'Orhan's Inheritance' Knits Wounds Closed

When I had a layover in Istanbul last year, I decided to head to the tourist center and see as much as I could in eight hours. I looked decidedly foreign, twisting a map around and trying to orientate myself before choosing a metro line. An older gentleman approached me, and said that he was headed down to his carpet selling business that was right in that district. He seemed nice, and there were plenty of people around, so I decided to trust him.

After feeding me delicious Turkish cuisine, showing me around, cutting to the front of lines of tourists, he talked me into buying a handmade carpet from him. In Turkish and Persian culture, buying a rug is buying an investment, like gold. A quality rug that is large enough to fit under the dining room table will cost several thousand euros. And fine rug collectors are like fine art collectors. The more you know about the history, the age, the quality of the knots and materials, the upkeep, the higher the resale value. But ideally, you won’t resell your rug. You will keep it in the family and pass it down to your children for many generations. I bought a smaller, mid-range carpet that I could actually see myself using. I liked the colors and the way that it was purposefully woven with slits in the design.

When I got home, I tried to research more about my carpet. I wasn’t able to figure out much, but it made me more aware of the history and regions of Turkey. Even with skimming through articles on Wikipedia, and reading about the history of stories that are commonly woven into carpets, I still didn’t have a grasp on how historical events are currently affecting contemporary society. When I read the description of Orhan’s Inheritance, I was immediately interested in the book. It’s set in Turkey, and explores some of Turkey’s more recent history.

Orhan is a young man whose grandfather recently passed away. The grandfather willed the family business to Orhan, bypassing Orhan’s father, and left the family property to Seda, a woman that no one had ever heard of before. Orhan decides to go track this woman down and find out why she gets the property.

The story goes back and forth between WWI-era Turkey, following Seda’s narrative, and present-day with Orhan. It’s a beautifully woven tale that humanizes the politics of the time to show how it affected an average village in Turkey.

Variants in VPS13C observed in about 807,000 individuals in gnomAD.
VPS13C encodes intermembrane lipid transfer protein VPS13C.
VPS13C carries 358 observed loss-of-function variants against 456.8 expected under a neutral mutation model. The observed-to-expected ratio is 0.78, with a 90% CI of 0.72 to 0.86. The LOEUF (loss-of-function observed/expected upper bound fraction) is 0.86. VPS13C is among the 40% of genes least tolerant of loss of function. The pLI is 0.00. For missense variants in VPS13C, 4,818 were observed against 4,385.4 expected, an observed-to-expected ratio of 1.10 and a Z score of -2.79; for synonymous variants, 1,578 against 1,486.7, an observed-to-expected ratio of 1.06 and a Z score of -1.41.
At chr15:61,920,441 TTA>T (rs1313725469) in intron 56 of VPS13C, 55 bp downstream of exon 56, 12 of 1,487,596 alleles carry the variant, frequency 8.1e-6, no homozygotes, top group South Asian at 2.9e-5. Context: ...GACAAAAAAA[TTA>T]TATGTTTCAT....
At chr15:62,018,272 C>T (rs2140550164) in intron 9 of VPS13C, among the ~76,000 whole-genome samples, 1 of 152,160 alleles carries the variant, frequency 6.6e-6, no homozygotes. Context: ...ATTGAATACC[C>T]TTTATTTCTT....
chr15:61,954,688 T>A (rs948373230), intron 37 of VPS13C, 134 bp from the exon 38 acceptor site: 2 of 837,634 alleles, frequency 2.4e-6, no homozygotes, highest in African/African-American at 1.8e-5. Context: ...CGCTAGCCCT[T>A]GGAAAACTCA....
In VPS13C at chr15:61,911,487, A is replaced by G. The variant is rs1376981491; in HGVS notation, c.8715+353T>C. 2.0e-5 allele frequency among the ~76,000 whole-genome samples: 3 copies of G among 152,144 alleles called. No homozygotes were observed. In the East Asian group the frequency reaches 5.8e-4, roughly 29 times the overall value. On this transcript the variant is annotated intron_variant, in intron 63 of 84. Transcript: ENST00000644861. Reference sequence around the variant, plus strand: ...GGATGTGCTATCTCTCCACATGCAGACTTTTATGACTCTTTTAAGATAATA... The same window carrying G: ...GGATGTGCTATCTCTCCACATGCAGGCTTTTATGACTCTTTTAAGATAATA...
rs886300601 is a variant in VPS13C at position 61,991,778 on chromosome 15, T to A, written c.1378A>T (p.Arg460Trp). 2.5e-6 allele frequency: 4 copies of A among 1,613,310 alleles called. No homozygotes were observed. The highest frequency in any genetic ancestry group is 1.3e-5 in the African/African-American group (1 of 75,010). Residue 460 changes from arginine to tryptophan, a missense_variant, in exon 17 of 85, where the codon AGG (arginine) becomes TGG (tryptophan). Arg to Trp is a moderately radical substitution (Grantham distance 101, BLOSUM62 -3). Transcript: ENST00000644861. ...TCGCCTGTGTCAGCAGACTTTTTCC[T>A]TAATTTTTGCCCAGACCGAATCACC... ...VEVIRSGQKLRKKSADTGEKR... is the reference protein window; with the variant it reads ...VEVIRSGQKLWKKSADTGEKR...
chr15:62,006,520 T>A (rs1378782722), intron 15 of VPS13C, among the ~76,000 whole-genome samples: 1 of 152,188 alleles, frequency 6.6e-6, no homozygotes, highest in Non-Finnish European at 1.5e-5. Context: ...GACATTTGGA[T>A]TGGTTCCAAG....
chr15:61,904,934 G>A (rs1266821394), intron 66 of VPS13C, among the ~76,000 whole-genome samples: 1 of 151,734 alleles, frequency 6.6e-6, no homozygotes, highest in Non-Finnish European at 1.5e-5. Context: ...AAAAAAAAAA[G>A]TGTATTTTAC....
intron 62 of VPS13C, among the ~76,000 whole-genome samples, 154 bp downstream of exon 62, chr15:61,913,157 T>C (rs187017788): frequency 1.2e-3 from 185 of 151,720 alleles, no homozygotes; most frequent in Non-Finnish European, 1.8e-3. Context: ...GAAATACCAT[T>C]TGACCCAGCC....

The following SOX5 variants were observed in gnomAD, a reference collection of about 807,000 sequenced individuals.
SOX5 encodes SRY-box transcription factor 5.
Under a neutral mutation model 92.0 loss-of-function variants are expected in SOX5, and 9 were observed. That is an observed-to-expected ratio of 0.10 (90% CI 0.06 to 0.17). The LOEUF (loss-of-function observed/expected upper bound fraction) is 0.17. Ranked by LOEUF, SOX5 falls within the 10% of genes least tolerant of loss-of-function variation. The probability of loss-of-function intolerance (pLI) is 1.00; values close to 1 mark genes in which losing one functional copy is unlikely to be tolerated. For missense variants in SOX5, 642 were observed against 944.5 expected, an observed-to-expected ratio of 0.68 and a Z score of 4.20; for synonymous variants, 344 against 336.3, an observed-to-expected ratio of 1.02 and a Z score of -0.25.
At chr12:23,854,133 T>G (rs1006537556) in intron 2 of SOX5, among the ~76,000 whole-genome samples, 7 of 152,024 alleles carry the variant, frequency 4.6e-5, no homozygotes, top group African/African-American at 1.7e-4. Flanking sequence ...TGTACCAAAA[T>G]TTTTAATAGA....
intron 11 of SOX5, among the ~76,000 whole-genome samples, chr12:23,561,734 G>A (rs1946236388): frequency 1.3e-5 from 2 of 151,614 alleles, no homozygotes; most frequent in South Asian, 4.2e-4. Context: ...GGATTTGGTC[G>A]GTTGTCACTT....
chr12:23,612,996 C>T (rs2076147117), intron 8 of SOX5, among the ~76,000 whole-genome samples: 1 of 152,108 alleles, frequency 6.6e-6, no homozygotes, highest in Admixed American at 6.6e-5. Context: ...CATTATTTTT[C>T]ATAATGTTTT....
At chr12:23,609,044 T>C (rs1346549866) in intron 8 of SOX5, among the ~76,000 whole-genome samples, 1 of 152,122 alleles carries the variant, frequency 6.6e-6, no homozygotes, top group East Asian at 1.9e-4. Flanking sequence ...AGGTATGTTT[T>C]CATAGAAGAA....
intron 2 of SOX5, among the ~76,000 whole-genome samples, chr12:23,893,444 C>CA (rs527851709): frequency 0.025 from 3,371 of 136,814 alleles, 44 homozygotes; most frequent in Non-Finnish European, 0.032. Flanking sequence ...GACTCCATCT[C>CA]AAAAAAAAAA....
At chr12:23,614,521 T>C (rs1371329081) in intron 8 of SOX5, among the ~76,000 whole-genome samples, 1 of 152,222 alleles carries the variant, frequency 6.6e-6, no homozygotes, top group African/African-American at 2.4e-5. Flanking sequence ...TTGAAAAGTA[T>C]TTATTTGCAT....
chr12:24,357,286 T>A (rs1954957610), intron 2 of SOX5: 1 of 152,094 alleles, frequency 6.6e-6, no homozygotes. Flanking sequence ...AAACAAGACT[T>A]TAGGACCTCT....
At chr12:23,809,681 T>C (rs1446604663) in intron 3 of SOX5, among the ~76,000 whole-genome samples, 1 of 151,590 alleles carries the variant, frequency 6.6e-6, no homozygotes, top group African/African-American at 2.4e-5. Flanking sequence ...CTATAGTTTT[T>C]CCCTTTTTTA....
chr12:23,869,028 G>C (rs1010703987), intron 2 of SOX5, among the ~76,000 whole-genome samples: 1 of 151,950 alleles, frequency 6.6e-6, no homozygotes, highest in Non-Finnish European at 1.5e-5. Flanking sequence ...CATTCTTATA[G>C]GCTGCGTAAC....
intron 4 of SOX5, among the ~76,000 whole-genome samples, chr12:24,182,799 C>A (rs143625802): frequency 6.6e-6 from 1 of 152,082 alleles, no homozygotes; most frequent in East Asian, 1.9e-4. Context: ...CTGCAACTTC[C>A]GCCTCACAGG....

Seda is Armenian, and as such, is Christian. Armenians are a minority people-group in Turkey, and her family were the minority in a primarily Turkish-Muslim town. During this time, Turkey was undergoing political and cultural turmoil, which contributed to the start and execution of an ethnic cleansing. The Armenian people were the target.

Men were killed or taken to forced labor camps. Women, children, and the elderly, were led on death marches to concentration camps in the Syrian desert. Seda and her family suffer this.

As dense, heavy, and sorrowful as it is, the author, Aline Ohanesian, does a wonderful job of providing hope to the reader through Seda’s story. Though she loses track of faith, of God, of values and innocence, Seda doesn’t lose her will to live.

My historical education was less than stellar, so the Armenian Genocide was completely new for me. The Turkish government still denies the existence of the genocide. Ohanesian addresses the struggle that some of the Armenian diaspora are still grappling with today - how do we process through our mourning as a people if our offender still refuses to even acknowledge its sin?

It’s a difficult question to answer. Orhan’s Inheritance recognizes and educates readers about the atrocities that were committed. It brings peace to history because its characters reach peace with it. Gracefully, thoughtfully, delicately, the author knits together a tapestry that gives value to all Turkish people. Is this not what art is for?

I got a free e-ARC of this book, but that in no way affected my honest thoughts about it. The expected publication date is April 7, 2015, by Algonquin Books.

Update: For further reading, here's a NYT profile of Yasar Kemal that recommends a couple of his books: Yasar Kemal, Master Turkish Novelist and Strident Political Critic, Is Dead


  1. I love that you included your own experiences in Turkey in your discussion about this book! The more I hear about Turkey the more I want to explore it someday.

  2. Ooh, I will totally go back. One day was not enough! Istanbul alone needs 3 days minimum. It's such a mix of east + west, full of surprises, and completely unique. Go go go!

  3. That sounds like a really interesting book. I liked to see how the cultural and historical background influenced the reading experience. I like learning about places and history through tales of people's lives, so this sounds like a great book to add to my TBR. Also, Turkey is not a place i've ever really considered going, but reading this post made me curious about it! Your pictures are gorgeous, by the way. xD

  4. Me too! I tend to understand and remember the history more if I read about it in a book form. Like all those American Girl books, Dear America, and Royal Diaries. I read all of them when I was young!
    Thanks :)